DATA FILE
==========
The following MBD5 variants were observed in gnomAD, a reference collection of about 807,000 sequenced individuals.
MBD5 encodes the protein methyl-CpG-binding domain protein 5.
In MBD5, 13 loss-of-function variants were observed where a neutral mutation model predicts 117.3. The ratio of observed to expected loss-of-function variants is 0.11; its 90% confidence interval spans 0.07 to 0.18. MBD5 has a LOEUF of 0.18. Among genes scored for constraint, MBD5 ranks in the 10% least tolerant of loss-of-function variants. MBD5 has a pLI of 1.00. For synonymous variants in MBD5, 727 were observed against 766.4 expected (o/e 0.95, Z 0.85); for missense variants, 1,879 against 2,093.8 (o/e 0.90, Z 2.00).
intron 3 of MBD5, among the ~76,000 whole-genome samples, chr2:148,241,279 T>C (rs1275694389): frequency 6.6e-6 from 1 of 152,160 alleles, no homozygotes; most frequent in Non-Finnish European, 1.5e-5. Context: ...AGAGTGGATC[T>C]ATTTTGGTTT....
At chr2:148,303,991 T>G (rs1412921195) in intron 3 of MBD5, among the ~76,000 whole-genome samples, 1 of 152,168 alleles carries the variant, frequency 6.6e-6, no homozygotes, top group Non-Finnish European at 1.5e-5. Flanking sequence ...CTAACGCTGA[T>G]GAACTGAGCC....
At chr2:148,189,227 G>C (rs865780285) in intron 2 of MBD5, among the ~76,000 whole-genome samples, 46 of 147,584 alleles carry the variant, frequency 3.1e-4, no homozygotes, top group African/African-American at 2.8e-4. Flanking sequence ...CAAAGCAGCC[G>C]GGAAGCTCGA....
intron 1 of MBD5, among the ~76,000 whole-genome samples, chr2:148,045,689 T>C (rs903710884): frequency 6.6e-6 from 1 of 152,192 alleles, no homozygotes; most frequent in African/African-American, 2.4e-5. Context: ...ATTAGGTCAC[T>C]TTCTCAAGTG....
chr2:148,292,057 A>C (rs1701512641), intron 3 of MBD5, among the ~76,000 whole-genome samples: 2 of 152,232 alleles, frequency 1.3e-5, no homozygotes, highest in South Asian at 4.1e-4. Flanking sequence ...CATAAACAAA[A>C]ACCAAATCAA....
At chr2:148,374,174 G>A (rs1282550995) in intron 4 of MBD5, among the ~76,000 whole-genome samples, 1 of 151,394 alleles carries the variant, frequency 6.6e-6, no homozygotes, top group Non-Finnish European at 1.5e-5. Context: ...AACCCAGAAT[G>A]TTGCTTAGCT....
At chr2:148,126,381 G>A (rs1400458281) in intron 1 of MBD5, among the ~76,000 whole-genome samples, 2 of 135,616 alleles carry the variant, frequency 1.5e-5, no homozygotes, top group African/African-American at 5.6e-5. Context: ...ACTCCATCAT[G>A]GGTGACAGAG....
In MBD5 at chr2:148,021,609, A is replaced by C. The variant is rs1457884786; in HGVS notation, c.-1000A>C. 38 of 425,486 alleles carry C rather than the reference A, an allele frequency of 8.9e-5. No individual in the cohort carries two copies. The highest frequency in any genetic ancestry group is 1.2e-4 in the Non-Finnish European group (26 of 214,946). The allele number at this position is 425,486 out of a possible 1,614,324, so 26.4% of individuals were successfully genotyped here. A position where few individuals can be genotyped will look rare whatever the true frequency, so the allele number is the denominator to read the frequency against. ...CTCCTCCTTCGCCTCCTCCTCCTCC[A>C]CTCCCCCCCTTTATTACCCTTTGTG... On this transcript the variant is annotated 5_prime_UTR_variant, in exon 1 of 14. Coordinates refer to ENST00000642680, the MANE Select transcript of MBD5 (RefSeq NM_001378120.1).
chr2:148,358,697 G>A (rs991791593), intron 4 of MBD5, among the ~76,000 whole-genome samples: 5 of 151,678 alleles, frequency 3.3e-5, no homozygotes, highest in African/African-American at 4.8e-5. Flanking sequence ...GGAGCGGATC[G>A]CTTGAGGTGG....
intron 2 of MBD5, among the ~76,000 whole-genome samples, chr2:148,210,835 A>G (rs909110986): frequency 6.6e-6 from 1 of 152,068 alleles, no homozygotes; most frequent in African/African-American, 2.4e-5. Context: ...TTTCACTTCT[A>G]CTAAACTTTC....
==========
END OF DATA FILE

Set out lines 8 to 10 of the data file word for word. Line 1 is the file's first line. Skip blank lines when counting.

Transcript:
chr2:148,292,057 A>C (rs1701512641), intron 3 of MBD5, among the ~76,000 whole-genome samples: 2 of 152,232 alleles, frequency 1.3e-5, no homozygotes, highest in South Asian at 4.1e-4. Flanking sequence ...CATAAACAAA[A>C]ACCAAATCAA....
At chr2:148,374,174 G>A (rs1282550995) in intron 4 of MBD5, among the ~76,000 whole-genome samples, 1 of 151,394 alleles carries the variant, frequency 6.6e-6, no homozygotes, top group Non-Finnish European at 1.5e-5. Context: ...AACCCAGAAT[G>A]TTGCTTAGCT....
At chr2:148,126,381 G>A (rs1400458281) in intron 1 of MBD5, among the ~76,000 whole-genome samples, 2 of 135,616 alleles carry the variant, frequency 1.5e-5, no homozygotes, top group African/African-American at 5.6e-5. Context: ...ACTCCATCAT[G>A]GGTGACAGAG....